basic - continued

Joep L. Blom jlblom at
Tue Feb 9 16:24:00 UTC 2010

Amedee Van Gasse (ub) wrote:
> On Tue, February 9, 2010 02:26, Christopher Chan wrote:
>> On Tuesday, February 09, 2010 02:17 AM, Rafiq Hajat wrote:
>>> Not Linus. Gnu/Linux was, if I understand correctly, started by Richard
>>> Stallman in the early 1980's.
>> GNU software first ran on Solaris. RMS and gang tried to build a kernel
>> for the GNU environment and are still trying (HURD - okay, a microkernel
>> but whatever) or at least some one from the GNU foundation is still
>> trying.
>>> Tero Pesonen
>>> Is that really true? I always thought that Linus Torvald was the
>>> originator of Linux, a term which comprised an amalgamation of his name
>>> and Unix (which is still used by the banks as the most secure OS on the
>>> planet).
>>> Am I totally off track?
>> No. Linux is from Linus Torvald but it is just a kernel. Not enough to
>> make an operating system. That is where GNU comes in.
> Linux only became popular because Andy Tanenbaum didn't want to add
> features to Minix, and because BSD was slowed down by lawsuits at the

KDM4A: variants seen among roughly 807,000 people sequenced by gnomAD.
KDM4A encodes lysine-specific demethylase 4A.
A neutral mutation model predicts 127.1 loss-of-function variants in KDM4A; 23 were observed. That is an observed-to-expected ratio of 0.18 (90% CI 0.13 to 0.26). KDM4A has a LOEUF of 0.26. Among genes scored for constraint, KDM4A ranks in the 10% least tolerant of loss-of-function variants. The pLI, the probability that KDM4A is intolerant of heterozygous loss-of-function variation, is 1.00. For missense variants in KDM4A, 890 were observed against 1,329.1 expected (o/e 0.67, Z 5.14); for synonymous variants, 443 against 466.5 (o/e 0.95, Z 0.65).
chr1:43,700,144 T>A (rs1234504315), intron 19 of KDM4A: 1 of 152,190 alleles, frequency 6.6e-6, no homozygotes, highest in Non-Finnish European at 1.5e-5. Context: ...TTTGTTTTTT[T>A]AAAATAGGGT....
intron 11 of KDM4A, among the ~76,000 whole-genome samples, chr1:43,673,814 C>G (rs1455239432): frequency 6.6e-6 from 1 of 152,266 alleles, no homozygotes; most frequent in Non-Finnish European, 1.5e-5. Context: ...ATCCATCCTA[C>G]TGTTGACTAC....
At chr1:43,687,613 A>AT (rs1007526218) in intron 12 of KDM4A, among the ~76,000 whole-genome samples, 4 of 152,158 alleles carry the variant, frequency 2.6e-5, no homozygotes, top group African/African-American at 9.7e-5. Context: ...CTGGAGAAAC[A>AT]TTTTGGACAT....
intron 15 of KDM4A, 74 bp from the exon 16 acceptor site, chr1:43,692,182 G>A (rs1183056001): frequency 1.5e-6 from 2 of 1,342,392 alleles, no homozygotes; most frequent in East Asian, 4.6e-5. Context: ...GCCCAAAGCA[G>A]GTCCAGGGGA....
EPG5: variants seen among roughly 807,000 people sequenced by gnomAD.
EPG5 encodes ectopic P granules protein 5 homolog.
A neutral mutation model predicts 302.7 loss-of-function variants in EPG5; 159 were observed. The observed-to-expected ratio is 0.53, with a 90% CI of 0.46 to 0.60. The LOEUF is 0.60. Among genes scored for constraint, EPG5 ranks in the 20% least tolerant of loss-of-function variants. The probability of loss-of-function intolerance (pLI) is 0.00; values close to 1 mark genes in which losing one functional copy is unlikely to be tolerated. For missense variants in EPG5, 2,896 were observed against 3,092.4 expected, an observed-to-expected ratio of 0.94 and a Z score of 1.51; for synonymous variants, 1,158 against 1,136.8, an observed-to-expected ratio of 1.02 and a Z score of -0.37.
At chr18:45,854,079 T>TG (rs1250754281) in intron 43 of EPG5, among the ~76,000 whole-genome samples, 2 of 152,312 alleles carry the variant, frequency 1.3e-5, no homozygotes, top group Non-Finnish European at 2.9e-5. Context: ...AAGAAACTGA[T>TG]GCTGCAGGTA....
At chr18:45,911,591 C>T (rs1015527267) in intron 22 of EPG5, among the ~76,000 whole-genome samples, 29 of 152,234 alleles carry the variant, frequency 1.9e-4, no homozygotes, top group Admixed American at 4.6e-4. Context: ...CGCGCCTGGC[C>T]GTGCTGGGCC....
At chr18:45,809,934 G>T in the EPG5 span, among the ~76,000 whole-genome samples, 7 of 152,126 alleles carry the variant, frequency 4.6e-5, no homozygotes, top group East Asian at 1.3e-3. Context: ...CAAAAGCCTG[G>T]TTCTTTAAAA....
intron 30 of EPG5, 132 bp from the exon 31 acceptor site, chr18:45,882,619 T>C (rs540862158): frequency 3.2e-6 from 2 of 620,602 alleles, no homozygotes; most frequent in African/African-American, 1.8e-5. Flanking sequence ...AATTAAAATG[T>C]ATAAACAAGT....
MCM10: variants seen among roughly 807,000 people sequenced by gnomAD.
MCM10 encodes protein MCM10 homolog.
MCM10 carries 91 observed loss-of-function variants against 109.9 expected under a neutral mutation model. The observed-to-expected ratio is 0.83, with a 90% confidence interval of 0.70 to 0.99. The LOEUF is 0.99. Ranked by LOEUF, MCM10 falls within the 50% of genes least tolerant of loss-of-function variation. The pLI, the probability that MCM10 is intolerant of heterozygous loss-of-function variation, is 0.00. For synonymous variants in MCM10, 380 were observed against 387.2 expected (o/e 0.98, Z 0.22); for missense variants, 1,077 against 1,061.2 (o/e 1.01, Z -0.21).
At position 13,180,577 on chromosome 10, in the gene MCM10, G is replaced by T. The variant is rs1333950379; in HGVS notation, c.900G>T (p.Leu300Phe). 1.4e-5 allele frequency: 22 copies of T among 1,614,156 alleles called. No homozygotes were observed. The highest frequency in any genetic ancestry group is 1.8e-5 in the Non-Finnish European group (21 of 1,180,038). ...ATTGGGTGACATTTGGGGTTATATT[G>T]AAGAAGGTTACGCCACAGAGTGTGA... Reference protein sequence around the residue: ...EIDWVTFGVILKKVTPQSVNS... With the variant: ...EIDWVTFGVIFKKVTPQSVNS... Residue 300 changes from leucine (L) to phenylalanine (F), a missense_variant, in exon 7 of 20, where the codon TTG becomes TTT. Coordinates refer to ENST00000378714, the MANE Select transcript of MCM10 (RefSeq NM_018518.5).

> time. If it weren't for the lawsuits, we would have had a *real* Unix
> (BSD) kernel, combined with the GNU tools. Nobody would have talked about
> Linux.
I second that. Tannenbaum was professor at the VU (Free University) in 
Amsterdam and had MINIX developed originally as an exercise in OS 
development for students just as Wirtz (Switzerland) had developed 
PASCAL for tutoring High school students. Both are/were however so
good that they were used in much wider circles, PASCAL is a much better 
( and stricter) language that C which also originally not was developed 
as a language but as a "sack of subroutines" by Kernigan & Richie (the 
in Bell Labs) to write a better OS that the then used RSTS on a DEC 
PDP-11. They called that OS UNIX.

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